Talking GM Beans With An Amish Man

July 10, 2011

            I knew I knew nothing about him. OK, Ok, I knew he wasn’t a devotee of Islam, that Sundays were a nyet, and photos were frowned upon. Actually I probably thought I knew more than I would allow myself to believe I did. I felt all that was useless information considering the matter at hand was what brought us together. What brought us together were the bees, his bees at that. Well, at least what he believed to be his bees considering he had paid for them and they were now on his property, meant to fulfill his expectations. I guess we all fall prey to that, believing that the bees actually “belong” to someone, forgetting that they are of no good or benefit unless they can go freely and be unrestrained. It’s the restrictions that ultimately add up to the bees leaving, and the beekeeper wondering what happened to the property he thought he owned and his invested intentions. But I digress.

            It was within the context of the condition of his hives, the unusual year, the lateness of the season, and what should be blooming, isn’t blooming and is blooming that the conversation drifted to legumes- the staple, middle American nectar source. It should have been plentiful considering the site but the yellow sweet clover has come on very late this year, if at all, and what little white is out there, was also behind by a month and seems to have just started. It was not enough to compensate for the many weeks of near daily rain. His bees were starving. His farm adjoined fields of intensively farmed beans and corn. Corn is a grass but the beans are legumes. Long ago in another time and space, before GM and the Internet, the extension service promoted bees for soybean farmers to enhance their yield. The flowering legumes provided an extra kick of nectar at the end of the season. But GM beans are self pollinating along with being pest resistant. What is GM?

            I thought I knew about GM, at least enough to communicate the rudiments. I mean, it is a corporate mandate of 21st century, Twitter, Facebook and Internet reality to at least be conversant of the operational fundamentals of technology in order to survive its eye blinking changes. Confident of my abilities to live along with the other progressive denizens of my 21st century culture, I proceeded to try to explain Genetically Modified biology to my fellow beekeeper. He, of course, understood the working practicalities of Mendel’s experiments with legumes and the everyday exigencies of selective breeding. I could see from his nodding and “Is that so’s?” that he was being polite when I spoke of DNA and molecular composition (rather than letting his eyes glaze over). Finally, I tried to explain through the use of the often employed, corporate model of the frost proof strawberry, solely possible thanks to the integration of fish DNA. I found myself at a loss to bridge this theory of engineering with the practical reality of thousands of plants produced to stock the grocery stores of major cities, and able to satisfy the demands of discriminating consumers at just the peak of perfection. We looked at each other for a while; he- positive but not supportive, me- wondering where I was.

            “Oh, you mean like Round Up Ready?” he contributed.

            Yeah, the Zizekian short circuit which makes for the politics of political economy and the ability of people who actually know less than they believe they do to bridge their differences and thrive in a technologically expanding world.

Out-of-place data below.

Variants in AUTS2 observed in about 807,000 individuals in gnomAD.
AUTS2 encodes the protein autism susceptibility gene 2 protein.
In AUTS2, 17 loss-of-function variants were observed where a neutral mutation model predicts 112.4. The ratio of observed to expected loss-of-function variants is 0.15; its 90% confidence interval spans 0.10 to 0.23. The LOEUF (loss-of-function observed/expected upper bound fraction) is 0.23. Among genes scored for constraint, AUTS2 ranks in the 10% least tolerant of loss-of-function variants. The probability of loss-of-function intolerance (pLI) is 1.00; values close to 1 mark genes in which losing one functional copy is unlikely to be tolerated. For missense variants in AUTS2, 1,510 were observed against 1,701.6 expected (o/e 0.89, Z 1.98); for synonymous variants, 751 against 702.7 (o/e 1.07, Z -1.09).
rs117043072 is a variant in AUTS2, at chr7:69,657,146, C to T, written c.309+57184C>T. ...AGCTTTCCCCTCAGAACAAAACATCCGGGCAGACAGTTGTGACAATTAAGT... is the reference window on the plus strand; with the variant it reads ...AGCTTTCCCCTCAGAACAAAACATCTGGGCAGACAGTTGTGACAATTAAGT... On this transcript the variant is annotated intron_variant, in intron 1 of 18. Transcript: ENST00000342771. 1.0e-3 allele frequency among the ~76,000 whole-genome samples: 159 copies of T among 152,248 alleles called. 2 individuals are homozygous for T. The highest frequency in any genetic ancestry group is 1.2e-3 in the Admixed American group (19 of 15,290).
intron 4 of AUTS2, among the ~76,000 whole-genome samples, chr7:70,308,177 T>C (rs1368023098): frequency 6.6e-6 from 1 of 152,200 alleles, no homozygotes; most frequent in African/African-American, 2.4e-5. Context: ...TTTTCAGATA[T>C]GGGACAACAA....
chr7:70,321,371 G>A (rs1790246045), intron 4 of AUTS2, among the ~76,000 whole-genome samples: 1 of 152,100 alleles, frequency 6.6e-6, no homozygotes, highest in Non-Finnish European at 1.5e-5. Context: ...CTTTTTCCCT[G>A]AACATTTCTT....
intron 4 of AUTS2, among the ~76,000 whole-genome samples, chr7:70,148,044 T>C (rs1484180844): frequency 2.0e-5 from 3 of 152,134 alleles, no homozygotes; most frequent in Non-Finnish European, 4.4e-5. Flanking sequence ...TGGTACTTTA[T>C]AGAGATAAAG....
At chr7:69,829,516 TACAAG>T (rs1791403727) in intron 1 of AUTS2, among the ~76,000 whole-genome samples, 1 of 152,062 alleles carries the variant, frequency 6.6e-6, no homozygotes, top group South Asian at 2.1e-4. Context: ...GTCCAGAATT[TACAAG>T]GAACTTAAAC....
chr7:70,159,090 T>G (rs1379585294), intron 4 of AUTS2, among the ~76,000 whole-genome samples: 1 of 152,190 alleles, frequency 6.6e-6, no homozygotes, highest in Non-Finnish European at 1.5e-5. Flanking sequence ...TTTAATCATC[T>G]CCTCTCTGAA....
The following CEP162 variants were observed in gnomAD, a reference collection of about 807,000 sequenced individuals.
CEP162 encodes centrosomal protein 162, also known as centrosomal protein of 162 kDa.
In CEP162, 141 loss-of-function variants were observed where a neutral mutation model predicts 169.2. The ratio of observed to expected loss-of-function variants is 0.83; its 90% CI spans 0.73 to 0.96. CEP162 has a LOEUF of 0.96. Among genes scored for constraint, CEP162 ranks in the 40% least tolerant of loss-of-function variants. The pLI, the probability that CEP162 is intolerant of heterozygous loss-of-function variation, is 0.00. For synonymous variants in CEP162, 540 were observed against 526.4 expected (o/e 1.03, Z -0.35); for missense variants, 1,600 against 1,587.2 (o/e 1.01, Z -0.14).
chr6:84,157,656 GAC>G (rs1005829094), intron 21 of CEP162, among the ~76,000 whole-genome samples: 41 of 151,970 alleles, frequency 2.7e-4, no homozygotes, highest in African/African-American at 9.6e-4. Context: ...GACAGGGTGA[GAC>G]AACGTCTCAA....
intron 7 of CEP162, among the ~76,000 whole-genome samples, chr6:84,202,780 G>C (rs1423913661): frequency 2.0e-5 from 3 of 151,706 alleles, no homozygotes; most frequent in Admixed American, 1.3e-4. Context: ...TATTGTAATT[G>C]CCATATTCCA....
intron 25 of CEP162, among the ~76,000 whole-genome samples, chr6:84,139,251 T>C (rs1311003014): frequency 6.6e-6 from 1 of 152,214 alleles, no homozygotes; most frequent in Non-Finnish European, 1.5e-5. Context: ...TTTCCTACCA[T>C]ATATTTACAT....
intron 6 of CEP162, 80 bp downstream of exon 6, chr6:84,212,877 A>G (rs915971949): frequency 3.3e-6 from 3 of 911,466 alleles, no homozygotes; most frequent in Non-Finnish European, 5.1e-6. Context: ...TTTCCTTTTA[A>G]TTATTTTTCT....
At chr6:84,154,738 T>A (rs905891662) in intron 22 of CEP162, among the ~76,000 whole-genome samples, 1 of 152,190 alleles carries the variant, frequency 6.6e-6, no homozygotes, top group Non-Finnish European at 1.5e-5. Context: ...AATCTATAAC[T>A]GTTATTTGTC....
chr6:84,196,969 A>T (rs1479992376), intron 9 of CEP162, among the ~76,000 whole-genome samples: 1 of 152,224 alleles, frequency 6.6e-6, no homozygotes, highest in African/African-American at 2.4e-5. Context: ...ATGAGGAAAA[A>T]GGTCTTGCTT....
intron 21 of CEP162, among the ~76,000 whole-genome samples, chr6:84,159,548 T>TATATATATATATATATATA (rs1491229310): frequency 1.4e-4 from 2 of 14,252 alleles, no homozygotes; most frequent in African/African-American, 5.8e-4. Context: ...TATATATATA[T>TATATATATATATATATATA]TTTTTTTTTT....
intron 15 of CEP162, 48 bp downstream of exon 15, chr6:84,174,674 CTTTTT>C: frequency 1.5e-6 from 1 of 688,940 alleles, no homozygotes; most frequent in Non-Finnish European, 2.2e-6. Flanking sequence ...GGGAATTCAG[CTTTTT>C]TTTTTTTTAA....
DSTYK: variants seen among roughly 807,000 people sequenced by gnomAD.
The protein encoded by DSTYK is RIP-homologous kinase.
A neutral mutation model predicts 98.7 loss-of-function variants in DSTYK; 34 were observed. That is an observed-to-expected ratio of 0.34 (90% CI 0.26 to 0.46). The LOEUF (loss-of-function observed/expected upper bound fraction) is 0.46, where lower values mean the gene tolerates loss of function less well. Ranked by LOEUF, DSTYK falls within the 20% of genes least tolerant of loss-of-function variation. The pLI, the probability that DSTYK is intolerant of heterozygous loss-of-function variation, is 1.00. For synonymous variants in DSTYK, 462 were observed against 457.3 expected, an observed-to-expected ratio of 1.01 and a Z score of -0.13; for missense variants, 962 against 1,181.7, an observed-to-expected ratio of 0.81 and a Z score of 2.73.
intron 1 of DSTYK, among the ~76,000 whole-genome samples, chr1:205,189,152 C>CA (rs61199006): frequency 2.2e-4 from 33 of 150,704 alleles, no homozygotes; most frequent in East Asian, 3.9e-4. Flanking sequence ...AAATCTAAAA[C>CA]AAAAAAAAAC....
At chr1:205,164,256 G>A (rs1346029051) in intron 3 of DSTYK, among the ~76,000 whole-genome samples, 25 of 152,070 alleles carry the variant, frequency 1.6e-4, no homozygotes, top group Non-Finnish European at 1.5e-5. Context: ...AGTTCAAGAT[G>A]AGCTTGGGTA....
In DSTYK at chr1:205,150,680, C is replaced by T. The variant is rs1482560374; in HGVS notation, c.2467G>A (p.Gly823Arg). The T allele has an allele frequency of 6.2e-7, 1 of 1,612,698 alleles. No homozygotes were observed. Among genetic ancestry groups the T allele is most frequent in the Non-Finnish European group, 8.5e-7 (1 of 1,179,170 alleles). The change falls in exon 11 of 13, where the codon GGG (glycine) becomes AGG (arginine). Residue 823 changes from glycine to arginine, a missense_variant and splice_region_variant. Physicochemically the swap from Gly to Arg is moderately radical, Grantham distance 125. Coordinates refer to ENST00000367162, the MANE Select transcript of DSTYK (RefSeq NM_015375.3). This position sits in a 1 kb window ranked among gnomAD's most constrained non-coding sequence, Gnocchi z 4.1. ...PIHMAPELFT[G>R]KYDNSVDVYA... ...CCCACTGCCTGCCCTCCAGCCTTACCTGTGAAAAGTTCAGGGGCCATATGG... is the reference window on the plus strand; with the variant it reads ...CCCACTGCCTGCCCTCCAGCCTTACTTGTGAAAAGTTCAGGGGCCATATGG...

Tell Me How You Fill Your Cart

July 10, 2011

            “Tell me how you fill your cart, and I’ll tell you who you are.” The grocery cart as election booth, making political choices through the check out line; so elaborate Franck Cochoy and Catherine Grandclement-Chaffy in Publicizing Goldilocks’ Choice at the Supermarket: The Political Work of Shopping Packs, Carts and Talk. The essay appears in the What’s Political in Political Economy? section of Making Things Public (Latour/Weibel). OK, so “what we eat is what we imagine” is not new (you are what you imagine may be). We’ve all realized long ago that when we purchase food it is usually image that is presented and sells. Generic corn flakes appear when all the branding imagery and fluff is removed from the box. And still we don’t get to see the actual product, let alone smell or taste a sample. Take my word for it. No, better yet, take the box’s word for it. And yet we do choose, at least on the basis of imagined consistency between what is represented by the packaging and what is inside, or so Cochoy and Grandclement-Chaffy argue. And our choice is made- where else? -but in the shopping cart. Unlike the myth of individualism perpetuated by the discrete and “secret” polling place ballot booth, our political choice in the grocery store is out there for all to see, and likewise for all to influence (partner, spouse, children and parents). The conversations that accompany this choosing, whether in situ or over the phone, are likewise out there for all to listen in on and witness. In these matters, like the myth of individualism, the myth of “choice” is perpetuated by the political economy (why it’s political, I guess). Cochoy and Grandclement-Chaffy point out how much or little choice is made, from the size and shape of the grocery cart, shelf space and product placement to the design and decoration of the packaging.

            On July 8, 2011 the Retail section of MSNBC Business News ran an article in which Anika Anand reported that “One of the nation’s major grocery store chains is eliminating self-checkout lanes in an effort to encourage more human contact with its customers.” Albertson’s was quitting automated self-check out lanes. ““We just want the opportunity to talk to customers more,” Albertsons spokeswoman Christine Wilcox said. “That’s the driving motivation.”” Impressive, huh? Goldilocks’ Choice at the Supermarket comes crashing back like the growley old bears when one gets to the end of the article and reads:

“What Do You Think Of Self-Checkout Lanes? discuss this story

You

_ I love them- no human interaction required.

_ I hate them- I feel like I’m doing all the work.

_ I use them when I have to.”

            Of course the elementary question/response of “do you use them?” is totally elided. It is assumed that you do; that you have NO choice. The choice lies entirely with “how you feel”- love, hate or lemming compliance. Notice the slippage of “how you feel” into media-speak’s “What do you think…” Love, hate and lemming compliance have now become thinking processes (without any branded packaging to contain them!).

            Me? I refuse to use the things since with their installation, clerks disappeared. I’ll wait in line. Yesterday, while scanning the revelations of my personal being arranged haphazardly on the endless conveyor belt, the clerk mentioned she was leaving the next day to go on vacation to the coast. There’s something reassuring in knowing that what receives the money on the other end of a purchase exchange also goes on vacation.